Vegan proteins are a vast and growing category. Historically hard to find, they are now available alongside their whey counterparts in most stores. They consist of protein derived from plants. There are many sources for vegan protein including pea, hemp, soy, pumpkin seed, chia, corn, brown rice, quinoa, coconut and more. Each of these sources have their own qualities and benefits and many of them can be purchased as a single source protein supplement; However, the key to a good protein lies in its building blocks – which are amino acids. There are many different amino acids but 9 of them must be consumed and cannot be produced in the body, these are considered “essential”. The Amnio Acid profile varies in all the above noted vegan protein sources. Grains are generally limited in some amino acids, while most legumes are limited in other ones, and corn in even different ones. Some beans are considered a complete protein while others are not.
Therefore blended vegan proteins are best in order to provide a complete amino acid profile containing both essential and non-essential amino acids. When it comes to blends there seems to be an unlimited number of combinations to be had. I suggest looking for a blend that contains a full amino acid profile and does not contain processed soy unless it is organic and fermented. Rice, hemp, pea are three popular sources found in most quality vegan powders. Also look for co-factors such as vitamins, minerals, fibre and healthy fats… all of which will help aid digestion and minimize bloating. They also maximize the amount of potential protein that the body absorbs from that precious scoop of plant protein.
Organic? Fermented? Sprouted? Naturally Sweetened?
These are common words found on protein labels, but what do they really mean?
Like all other certified organic products, this means that almost all of the ingredients (95%) are grown or produced in compliance with the organic certification guidelines. These products do not contain GMOs and are not grown using synthetic fertilizers or pesticides. They also tend to have slightly higher nutritional content. Purchasing certified organic products is a good step towards sustainability, reduced carbon emissions and generally a better world – but they do come with an additional price tag and tend to be slightly more expensive then their chemically grown counterparts.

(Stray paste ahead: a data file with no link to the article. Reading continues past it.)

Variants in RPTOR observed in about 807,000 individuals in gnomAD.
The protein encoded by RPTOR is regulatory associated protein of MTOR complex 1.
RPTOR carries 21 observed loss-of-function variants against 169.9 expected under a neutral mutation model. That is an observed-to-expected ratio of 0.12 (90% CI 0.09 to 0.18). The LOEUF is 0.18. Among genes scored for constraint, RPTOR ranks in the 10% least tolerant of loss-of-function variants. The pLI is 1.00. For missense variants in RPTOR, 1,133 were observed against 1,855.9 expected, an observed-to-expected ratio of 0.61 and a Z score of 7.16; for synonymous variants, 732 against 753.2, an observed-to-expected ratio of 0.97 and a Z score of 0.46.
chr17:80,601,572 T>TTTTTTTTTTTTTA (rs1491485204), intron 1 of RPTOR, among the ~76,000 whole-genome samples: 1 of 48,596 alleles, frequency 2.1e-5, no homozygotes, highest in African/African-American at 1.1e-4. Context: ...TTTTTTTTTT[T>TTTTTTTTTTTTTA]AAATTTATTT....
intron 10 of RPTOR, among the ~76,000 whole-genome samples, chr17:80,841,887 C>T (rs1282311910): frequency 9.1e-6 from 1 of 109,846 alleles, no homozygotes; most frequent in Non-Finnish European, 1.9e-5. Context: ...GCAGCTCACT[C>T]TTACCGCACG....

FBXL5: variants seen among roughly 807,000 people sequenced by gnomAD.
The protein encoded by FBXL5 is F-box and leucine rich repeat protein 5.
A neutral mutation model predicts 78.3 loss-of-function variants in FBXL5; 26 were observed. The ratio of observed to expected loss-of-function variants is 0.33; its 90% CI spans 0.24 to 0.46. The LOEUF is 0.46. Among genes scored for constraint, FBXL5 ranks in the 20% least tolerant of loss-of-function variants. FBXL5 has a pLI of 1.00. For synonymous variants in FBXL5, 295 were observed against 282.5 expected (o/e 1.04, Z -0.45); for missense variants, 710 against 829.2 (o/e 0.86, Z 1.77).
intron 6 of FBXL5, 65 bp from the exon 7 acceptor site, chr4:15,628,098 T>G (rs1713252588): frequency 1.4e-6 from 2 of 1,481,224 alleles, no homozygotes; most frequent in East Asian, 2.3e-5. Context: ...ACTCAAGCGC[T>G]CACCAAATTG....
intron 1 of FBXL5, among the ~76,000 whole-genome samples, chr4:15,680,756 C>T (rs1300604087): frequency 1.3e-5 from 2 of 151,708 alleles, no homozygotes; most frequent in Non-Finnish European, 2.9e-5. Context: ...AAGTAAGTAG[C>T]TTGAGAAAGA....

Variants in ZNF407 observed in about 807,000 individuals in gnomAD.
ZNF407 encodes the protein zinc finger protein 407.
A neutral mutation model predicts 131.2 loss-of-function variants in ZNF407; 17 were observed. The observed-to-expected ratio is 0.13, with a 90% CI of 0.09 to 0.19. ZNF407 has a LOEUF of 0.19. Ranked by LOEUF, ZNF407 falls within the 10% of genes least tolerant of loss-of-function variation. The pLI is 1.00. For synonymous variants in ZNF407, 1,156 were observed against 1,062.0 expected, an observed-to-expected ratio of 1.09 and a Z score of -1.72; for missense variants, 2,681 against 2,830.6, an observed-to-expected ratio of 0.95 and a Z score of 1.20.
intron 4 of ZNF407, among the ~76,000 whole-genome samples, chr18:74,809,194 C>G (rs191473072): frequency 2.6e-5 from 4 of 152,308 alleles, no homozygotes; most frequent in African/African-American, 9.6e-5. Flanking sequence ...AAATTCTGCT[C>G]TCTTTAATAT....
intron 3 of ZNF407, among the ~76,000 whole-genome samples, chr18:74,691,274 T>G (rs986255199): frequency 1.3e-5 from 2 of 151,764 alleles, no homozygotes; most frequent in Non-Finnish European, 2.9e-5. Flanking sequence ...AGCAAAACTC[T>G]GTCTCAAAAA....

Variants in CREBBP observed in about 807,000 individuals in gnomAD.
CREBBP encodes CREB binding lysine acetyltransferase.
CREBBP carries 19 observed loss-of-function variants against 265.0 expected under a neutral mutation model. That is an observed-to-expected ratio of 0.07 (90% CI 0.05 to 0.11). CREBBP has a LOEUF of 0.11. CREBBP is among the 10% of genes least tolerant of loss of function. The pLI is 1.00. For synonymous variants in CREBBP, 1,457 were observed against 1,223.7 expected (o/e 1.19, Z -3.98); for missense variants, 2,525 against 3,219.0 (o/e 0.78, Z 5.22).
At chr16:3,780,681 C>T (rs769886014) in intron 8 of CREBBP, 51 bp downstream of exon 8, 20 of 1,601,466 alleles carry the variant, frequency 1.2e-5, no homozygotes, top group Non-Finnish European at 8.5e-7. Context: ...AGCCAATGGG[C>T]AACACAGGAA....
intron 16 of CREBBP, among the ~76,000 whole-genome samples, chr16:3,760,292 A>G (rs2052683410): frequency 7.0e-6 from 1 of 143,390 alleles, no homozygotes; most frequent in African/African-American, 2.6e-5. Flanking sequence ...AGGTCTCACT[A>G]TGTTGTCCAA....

This is a popular word these days but the technique is ancient. Fermentation breaks down the “anti-nutrient” found in grains, nuts, seeds and legumes called Phytic Acid. It’s a form of stored phosphorus in plants that protects them against–you guessed it–digestion! For some, this anti-nutrient (and others) can spell digestive troubles like gas, bloating and indigestion. Fermentation helps by breaking down the barriers so your gut can work in peace. Fermented proteins are a good choice for people with digestive problems.
When a seed or grain begins to germinate (sprout) a desirable nutritional change occurs. Complex compounds are broken down during the processes increasing the bioavailable amounts of vitamins, minerals and proteins available. Sprouted grains and seeds have been shown to be higher in nutrients like the B-vitamins, Vitamin C and essential amino acids. Plus there is greater enzyme activity for improved digestibility and absorption. The net result is undeniably better nutrition.
Lets face it, most of us have a sweet tooth and would prefer a smoothie that tastes like chocolate or vanilla over one that tastes like peas! But Beware, often cheap, chemical sweeteners and flavours such as aspartame are used in protein powders and should be avoided. Sugar, while a natural sweetener, can quickly add extra calories to your day. Look for products sweetened with Stevia – a plant based sweetener that does not spice calories or blood sugars.
At The Granary we sell high quality protein powders from a variety of sources. Stop in and talk to the us about picking the right one for you!